Finding Aids are descriptive tools which serve as the primary point of intellectual access to archival collections in archives and manuscript repositories. A finding aid may take on various shapes and be called by a variety of names (e.g., finding guide, inventory, register) but generally performs a dual function — it serves both as the primary access tool used in archival reference of a collection, and as a complex management device used by archivists themselves in the administration of that collection.
Modern finding aids for manuscript and archival collections in the David M. Rubenstein Rare Book & Manuscript Library at Duke have been developing and evolving since the late 1980's. Prior to that time, most of the description of manuscripts was done on catalog cards. These cards can be found in the "Main File" of the manuscript card catalog in the Rubenstein Library Reading Room. In addition, a Guide to the Cataloged Collections in the Manuscript Department of the William R. Perkins Library, Duke University was published in 1981, that essentially reproduces (in edited form) most of the content of the card catalog as it then existed.
These finding aids typically consist of several elements. They include a title page which gives the formal title and dates of the collection, along with acquisition and restrictions information, and a statement of extent (measured in both linear feet and estimated item count). The next element is a biographical/historical summary of the significant events in either the life of the person or the corporate body or organization whose papers/records constitute the collection. Following this is a descriptive summary of the scope and contents of the collection, including information on the overall organization of the collection, materials of particular significance, and important topics and/or persons represented. The detailed contents of each collection are given in the container list which is arranged according to the actual physical organization of the materials. The content and scope of each organizational unit in the collection (typically called a "series," with units within series known as "sub-series") are described in a brief note at the beginning of each series within the container list. This note is followed by a box list which gives box numbers and folder titles within each box. Some earlier finding aids have a separate "description of series" in which the individual organizational units are described separately from the actual container list. Current practice is to combine such descriptions with the corresponding section of the container list. Additional elements which may or may not be present in finding aids include bibliographies of published writings, processing notes, and special indexes.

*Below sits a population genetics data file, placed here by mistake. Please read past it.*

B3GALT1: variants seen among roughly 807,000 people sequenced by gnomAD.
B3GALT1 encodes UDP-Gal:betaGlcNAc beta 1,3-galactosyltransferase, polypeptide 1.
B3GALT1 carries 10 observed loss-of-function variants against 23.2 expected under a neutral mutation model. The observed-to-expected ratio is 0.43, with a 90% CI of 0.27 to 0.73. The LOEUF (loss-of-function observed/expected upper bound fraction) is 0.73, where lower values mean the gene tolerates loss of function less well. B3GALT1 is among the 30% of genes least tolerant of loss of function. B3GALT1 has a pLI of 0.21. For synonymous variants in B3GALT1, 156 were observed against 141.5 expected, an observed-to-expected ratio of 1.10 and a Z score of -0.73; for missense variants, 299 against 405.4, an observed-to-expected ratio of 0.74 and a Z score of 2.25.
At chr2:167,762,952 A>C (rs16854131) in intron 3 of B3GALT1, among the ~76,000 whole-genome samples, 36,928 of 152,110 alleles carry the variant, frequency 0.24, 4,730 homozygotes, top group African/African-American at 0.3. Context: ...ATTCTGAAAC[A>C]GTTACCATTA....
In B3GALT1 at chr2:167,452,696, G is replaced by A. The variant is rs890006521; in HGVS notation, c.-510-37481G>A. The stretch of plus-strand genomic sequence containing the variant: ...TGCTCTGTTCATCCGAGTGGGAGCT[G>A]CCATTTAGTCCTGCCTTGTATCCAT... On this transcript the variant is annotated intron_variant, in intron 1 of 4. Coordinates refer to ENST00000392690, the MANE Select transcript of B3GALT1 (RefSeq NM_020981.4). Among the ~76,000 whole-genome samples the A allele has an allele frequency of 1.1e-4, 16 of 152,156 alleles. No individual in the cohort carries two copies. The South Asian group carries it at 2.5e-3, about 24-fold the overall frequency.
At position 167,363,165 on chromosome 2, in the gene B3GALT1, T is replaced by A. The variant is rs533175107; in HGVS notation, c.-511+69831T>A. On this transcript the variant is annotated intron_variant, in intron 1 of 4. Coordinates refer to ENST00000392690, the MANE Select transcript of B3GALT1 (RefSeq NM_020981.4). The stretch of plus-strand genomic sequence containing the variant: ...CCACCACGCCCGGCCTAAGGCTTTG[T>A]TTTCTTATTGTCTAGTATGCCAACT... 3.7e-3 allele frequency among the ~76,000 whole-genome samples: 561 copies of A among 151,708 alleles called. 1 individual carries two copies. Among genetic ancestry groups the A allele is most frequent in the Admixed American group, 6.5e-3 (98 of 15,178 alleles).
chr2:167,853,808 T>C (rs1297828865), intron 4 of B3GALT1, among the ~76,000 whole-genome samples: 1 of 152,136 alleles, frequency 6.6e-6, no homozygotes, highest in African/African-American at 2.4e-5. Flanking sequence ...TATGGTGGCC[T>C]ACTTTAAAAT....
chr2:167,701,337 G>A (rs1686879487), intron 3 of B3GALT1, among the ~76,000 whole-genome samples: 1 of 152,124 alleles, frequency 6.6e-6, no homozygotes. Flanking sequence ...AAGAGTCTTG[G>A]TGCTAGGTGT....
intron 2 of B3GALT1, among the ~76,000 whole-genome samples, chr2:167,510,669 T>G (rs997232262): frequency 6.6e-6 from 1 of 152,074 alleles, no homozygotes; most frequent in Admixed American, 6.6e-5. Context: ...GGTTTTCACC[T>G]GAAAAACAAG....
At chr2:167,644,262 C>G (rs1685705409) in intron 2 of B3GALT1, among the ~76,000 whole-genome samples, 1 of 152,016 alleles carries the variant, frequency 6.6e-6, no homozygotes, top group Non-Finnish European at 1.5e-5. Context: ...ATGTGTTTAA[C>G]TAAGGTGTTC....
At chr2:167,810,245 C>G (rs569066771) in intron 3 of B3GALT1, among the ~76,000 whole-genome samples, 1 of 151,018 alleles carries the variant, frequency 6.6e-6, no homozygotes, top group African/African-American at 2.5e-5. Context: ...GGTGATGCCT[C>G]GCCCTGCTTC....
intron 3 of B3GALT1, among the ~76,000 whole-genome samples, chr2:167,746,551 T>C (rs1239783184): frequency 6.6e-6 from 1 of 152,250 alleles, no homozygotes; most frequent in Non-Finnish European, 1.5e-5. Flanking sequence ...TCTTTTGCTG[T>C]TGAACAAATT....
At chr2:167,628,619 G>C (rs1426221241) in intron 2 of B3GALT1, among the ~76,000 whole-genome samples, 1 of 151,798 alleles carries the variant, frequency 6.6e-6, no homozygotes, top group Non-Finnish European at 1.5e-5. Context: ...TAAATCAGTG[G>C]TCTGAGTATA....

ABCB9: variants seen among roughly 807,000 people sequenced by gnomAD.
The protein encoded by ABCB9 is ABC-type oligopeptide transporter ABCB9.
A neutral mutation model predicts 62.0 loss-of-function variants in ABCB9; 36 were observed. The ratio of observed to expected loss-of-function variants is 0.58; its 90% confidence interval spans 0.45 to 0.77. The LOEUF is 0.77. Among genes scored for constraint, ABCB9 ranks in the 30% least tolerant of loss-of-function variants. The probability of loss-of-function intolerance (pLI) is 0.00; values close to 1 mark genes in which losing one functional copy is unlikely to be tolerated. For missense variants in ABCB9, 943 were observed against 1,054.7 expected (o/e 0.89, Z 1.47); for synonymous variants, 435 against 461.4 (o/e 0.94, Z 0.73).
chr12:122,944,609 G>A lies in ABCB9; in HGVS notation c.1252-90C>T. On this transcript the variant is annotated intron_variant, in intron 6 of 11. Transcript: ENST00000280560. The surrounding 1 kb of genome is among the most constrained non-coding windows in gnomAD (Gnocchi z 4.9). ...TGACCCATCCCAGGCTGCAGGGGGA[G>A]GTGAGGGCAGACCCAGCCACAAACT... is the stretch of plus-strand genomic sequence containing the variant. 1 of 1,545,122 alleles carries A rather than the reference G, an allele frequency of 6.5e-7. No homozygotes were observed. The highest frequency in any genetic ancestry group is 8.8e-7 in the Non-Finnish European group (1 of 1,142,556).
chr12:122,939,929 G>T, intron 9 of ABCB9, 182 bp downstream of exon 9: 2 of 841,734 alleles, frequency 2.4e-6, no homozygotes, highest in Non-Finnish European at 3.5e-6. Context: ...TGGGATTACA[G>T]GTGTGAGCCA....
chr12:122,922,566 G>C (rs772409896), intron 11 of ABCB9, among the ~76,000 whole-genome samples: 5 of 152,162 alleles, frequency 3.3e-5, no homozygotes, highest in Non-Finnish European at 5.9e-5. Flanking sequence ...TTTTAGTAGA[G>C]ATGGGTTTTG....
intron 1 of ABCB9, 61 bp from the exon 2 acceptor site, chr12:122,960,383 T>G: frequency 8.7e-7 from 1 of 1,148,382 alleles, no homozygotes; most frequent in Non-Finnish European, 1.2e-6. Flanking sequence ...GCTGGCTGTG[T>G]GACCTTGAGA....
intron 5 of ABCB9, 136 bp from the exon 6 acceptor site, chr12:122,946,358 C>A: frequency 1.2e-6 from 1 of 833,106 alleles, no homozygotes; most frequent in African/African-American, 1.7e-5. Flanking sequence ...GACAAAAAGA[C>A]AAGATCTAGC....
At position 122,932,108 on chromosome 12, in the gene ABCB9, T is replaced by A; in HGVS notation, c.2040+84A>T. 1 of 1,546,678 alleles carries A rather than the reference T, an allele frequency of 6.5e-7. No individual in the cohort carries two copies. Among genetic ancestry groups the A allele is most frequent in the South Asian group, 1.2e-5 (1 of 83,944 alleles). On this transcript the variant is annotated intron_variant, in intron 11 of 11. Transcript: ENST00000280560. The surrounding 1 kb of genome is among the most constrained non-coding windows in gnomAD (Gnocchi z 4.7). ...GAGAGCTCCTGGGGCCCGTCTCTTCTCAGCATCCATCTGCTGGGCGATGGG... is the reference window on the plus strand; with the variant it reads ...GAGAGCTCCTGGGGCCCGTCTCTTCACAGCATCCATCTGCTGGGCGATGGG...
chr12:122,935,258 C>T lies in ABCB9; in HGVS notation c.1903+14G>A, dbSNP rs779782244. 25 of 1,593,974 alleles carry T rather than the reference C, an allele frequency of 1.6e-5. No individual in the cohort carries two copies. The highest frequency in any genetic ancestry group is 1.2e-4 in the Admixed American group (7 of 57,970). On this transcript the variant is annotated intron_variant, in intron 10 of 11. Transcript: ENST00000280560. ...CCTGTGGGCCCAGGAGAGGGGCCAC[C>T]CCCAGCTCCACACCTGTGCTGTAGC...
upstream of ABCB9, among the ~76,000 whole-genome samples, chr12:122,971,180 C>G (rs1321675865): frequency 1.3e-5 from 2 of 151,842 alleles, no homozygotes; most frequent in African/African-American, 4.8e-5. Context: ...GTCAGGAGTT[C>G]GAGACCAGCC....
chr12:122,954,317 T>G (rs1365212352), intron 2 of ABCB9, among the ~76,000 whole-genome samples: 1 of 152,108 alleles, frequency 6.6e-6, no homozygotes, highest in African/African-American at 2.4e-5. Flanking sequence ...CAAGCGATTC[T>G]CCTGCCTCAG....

All finding aids at Duke have been encoded according to the standards of Encoded Archival Description (EAD) Version 2002, an XML-compliant structure developed and maintained jointly by the Society of American Archivists and the Library of Congress. This encoding, or "mark-up," enables the display and detailed searching of all archival finding aids over the Internet. Thus, each of the structural elements of the Duke finding aids noted in the previous paragraph (and, perhaps more importantly, information within these elements such as dates, personal and corporate names, geographic place names, subjects, etc.) have all been encoded so as to optimize structured, contextual searching, both within individual finding aids as well as across all Duke finding aids or some subset thereof.For more information on Encoded Archival Description see:
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